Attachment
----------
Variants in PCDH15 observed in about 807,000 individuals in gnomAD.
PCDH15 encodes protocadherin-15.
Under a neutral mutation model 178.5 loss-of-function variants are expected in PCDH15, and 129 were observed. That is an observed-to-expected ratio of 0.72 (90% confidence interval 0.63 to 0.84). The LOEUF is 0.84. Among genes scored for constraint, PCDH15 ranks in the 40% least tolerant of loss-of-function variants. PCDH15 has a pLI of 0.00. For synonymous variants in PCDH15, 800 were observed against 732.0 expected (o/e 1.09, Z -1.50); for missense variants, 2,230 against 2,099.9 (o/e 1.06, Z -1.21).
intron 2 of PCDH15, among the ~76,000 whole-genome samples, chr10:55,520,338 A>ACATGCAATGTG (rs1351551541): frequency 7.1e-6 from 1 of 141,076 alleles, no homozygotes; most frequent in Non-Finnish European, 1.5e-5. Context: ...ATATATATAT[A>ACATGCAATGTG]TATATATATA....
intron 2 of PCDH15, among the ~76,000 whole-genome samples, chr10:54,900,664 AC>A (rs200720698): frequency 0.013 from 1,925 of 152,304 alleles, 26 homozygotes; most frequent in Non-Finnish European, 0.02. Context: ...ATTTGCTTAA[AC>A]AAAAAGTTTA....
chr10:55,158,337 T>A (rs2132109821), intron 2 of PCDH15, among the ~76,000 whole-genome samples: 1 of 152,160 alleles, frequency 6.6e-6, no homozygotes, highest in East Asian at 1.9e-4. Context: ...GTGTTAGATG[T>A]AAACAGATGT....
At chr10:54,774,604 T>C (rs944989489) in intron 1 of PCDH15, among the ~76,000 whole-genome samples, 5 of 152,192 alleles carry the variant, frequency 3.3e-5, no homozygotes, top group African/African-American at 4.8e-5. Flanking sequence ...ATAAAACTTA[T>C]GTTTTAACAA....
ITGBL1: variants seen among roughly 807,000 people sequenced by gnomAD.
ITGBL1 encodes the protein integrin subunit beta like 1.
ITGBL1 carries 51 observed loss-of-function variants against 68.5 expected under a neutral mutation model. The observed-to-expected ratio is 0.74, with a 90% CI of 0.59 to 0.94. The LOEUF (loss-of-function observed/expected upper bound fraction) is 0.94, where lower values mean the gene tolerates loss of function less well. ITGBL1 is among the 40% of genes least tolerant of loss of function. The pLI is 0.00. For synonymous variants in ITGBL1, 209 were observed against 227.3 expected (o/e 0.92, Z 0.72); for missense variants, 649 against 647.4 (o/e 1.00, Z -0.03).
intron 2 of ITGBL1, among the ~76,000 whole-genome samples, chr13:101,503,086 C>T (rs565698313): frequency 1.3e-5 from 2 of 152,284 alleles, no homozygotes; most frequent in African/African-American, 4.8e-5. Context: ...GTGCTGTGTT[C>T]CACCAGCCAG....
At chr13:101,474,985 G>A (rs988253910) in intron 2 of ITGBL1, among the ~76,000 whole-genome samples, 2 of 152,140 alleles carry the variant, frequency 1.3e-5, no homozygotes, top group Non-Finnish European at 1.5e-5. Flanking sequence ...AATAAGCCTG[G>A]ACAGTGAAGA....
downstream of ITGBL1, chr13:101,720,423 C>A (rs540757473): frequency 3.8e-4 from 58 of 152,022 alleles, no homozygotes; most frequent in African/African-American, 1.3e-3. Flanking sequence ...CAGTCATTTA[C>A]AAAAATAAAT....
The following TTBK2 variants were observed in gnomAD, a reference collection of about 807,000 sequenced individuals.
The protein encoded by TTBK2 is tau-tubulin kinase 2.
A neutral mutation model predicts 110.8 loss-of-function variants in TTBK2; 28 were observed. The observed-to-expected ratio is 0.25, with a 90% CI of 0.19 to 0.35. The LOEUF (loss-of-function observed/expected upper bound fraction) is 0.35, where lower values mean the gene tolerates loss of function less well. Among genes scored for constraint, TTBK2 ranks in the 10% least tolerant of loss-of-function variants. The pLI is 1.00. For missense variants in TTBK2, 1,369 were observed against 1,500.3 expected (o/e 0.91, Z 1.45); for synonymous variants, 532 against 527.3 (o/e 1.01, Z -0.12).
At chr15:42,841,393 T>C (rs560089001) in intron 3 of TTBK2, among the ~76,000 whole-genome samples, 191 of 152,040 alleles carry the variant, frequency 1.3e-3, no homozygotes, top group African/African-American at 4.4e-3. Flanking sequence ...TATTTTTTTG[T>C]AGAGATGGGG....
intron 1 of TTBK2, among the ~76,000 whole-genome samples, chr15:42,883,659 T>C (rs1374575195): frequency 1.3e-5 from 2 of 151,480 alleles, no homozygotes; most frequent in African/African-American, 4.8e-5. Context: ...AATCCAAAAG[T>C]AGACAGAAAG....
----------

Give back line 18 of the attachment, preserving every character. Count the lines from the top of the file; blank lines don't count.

intron 1 of TTBK2, among the ~76,000 whole-genome samples, chr15:42,883,659 T>C (rs1374575195): frequency 1.3e-5 from 2 of 151,480 alleles, no homozygotes; most frequent in African/African-American, 4.8e-5. Context: ...AATCCAAAAG[T>C]AGACAGAAAG....